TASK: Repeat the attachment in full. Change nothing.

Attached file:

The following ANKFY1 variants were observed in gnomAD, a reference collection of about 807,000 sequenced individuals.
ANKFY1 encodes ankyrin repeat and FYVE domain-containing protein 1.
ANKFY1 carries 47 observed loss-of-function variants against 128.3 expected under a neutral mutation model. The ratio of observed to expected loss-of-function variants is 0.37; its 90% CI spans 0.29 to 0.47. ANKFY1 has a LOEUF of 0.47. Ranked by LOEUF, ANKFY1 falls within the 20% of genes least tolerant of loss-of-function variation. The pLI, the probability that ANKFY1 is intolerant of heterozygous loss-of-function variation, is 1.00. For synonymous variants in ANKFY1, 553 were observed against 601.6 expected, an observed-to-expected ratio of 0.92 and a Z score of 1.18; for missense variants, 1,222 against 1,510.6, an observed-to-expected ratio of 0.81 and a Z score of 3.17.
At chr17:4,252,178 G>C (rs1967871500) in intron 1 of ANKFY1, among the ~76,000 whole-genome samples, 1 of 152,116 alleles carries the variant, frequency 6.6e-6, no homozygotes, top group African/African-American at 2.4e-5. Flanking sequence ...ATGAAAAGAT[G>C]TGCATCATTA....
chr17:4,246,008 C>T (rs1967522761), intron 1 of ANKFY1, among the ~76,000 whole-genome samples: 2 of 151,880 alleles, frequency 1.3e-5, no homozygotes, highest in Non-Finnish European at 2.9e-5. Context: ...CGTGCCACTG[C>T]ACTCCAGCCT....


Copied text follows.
The following ANKFY1 variants were observed in gnomAD, a reference collection of about 807,000 sequenced individuals.
ANKFY1 encodes ankyrin repeat and FYVE domain-containing protein 1.
ANKFY1 carries 47 observed loss-of-function variants against 128.3 expected under a neutral mutation model. The ratio of observed to expected loss-of-function variants is 0.37; its 90% CI spans 0.29 to 0.47. ANKFY1 has a LOEUF of 0.47. Ranked by LOEUF, ANKFY1 falls within the 20% of genes least tolerant of loss-of-function variation. The pLI, the probability that ANKFY1 is intolerant of heterozygous loss-of-function variation, is 1.00. For synonymous variants in ANKFY1, 553 were observed against 601.6 expected, an observed-to-expected ratio of 0.92 and a Z score of 1.18; for missense variants, 1,222 against 1,510.6, an observed-to-expected ratio of 0.81 and a Z score of 3.17.
At chr17:4,252,178 G>C (rs1967871500) in intron 1 of ANKFY1, among the ~76,000 whole-genome samples, 1 of 152,116 alleles carries the variant, frequency 6.6e-6, no homozygotes, top group African/African-American at 2.4e-5. Flanking sequence ...ATGAAAAGAT[G>C]TGCATCATTA....
chr17:4,246,008 C>T (rs1967522761), intron 1 of ANKFY1, among the ~76,000 whole-genome samples: 2 of 151,880 alleles, frequency 1.3e-5, no homozygotes, highest in Non-Finnish European at 2.9e-5. Context: ...CGTGCCACTG[C>T]ACTCCAGCCT....